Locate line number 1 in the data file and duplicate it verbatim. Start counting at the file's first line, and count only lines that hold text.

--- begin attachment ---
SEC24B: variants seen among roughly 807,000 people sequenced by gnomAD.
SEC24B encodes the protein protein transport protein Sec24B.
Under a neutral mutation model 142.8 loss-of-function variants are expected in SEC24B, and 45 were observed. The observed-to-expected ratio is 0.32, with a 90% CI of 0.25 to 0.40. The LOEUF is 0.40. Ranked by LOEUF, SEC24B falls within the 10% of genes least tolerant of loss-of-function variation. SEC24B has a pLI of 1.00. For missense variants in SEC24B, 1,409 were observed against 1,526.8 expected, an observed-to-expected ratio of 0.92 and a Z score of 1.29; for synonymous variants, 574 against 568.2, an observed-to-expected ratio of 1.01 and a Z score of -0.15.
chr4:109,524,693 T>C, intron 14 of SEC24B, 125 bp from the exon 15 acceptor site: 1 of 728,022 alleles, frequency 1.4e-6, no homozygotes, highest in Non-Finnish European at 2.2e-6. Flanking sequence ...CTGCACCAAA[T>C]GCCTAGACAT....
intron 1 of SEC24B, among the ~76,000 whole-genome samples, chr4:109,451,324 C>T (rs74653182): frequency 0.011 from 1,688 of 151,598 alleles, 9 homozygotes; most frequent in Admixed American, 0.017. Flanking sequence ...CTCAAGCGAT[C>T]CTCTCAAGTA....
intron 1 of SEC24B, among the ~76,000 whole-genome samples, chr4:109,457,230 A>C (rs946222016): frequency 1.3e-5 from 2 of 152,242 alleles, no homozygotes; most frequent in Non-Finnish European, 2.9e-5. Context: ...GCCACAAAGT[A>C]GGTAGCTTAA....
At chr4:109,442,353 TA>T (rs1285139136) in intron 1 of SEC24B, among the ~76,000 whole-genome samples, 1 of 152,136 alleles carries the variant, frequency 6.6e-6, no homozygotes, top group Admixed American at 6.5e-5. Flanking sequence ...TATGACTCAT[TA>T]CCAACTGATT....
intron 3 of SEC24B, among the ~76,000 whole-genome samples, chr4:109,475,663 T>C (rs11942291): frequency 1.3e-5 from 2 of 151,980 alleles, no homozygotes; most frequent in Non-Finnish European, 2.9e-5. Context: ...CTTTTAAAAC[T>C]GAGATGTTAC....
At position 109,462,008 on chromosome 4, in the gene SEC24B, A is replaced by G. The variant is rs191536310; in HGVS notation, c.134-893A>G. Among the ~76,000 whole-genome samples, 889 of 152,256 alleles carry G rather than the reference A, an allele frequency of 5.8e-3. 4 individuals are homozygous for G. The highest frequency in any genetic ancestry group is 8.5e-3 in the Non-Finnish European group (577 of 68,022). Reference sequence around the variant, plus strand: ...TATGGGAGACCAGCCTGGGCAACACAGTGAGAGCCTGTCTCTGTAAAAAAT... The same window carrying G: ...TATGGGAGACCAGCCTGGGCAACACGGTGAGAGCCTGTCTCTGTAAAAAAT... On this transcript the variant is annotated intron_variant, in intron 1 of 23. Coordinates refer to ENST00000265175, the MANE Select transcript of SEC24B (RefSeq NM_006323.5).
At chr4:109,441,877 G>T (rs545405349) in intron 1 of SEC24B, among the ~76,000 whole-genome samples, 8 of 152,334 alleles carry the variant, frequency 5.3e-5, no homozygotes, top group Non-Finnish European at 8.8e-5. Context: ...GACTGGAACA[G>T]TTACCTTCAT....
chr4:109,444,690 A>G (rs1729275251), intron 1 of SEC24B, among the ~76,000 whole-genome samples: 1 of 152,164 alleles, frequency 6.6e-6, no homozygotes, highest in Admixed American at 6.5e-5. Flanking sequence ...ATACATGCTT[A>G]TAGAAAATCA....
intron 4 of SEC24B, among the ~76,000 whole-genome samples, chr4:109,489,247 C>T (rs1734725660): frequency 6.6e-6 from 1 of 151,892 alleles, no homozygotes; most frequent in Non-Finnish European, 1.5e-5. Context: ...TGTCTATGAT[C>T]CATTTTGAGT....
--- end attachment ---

SEC24B: variants seen among roughly 807,000 people sequenced by gnomAD.